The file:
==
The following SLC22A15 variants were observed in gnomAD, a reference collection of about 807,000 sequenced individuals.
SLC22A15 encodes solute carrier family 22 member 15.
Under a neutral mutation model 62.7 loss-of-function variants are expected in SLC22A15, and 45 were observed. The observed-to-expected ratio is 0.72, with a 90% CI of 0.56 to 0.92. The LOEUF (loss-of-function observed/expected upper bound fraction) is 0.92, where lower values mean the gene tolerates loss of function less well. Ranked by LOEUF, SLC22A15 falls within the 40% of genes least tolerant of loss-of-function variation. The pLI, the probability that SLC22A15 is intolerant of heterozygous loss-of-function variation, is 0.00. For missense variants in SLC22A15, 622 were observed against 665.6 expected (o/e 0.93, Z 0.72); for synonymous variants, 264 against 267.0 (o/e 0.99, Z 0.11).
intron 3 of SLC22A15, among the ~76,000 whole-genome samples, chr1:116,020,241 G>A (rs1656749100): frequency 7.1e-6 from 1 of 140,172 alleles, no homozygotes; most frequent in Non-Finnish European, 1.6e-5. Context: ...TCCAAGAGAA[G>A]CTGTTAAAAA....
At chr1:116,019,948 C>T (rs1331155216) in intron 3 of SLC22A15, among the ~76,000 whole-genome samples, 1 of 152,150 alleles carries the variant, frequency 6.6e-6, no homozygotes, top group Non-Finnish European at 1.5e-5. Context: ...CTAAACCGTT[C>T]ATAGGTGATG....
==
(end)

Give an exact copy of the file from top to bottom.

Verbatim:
The following SLC22A15 variants were observed in gnomAD, a reference collection of about 807,000 sequenced individuals.
SLC22A15 encodes solute carrier family 22 member 15.
Under a neutral mutation model 62.7 loss-of-function variants are expected in SLC22A15, and 45 were observed. The observed-to-expected ratio is 0.72, with a 90% CI of 0.56 to 0.92. The LOEUF (loss-of-function observed/expected upper bound fraction) is 0.92, where lower values mean the gene tolerates loss of function less well. Ranked by LOEUF, SLC22A15 falls within the 40% of genes least tolerant of loss-of-function variation. The pLI, the probability that SLC22A15 is intolerant of heterozygous loss-of-function variation, is 0.00. For missense variants in SLC22A15, 622 were observed against 665.6 expected (o/e 0.93, Z 0.72); for synonymous variants, 264 against 267.0 (o/e 0.99, Z 0.11).
intron 3 of SLC22A15, among the ~76,000 whole-genome samples, chr1:116,020,241 G>A (rs1656749100): frequency 7.1e-6 from 1 of 140,172 alleles, no homozygotes; most frequent in Non-Finnish European, 1.6e-5. Context: ...TCCAAGAGAA[G>A]CTGTTAAAAA....
At chr1:116,019,948 C>T (rs1331155216) in intron 3 of SLC22A15, among the ~76,000 whole-genome samples, 1 of 152,150 alleles carries the variant, frequency 6.6e-6, no homozygotes, top group Non-Finnish European at 1.5e-5. Context: ...CTAAACCGTT[C>T]ATAGGTGATG....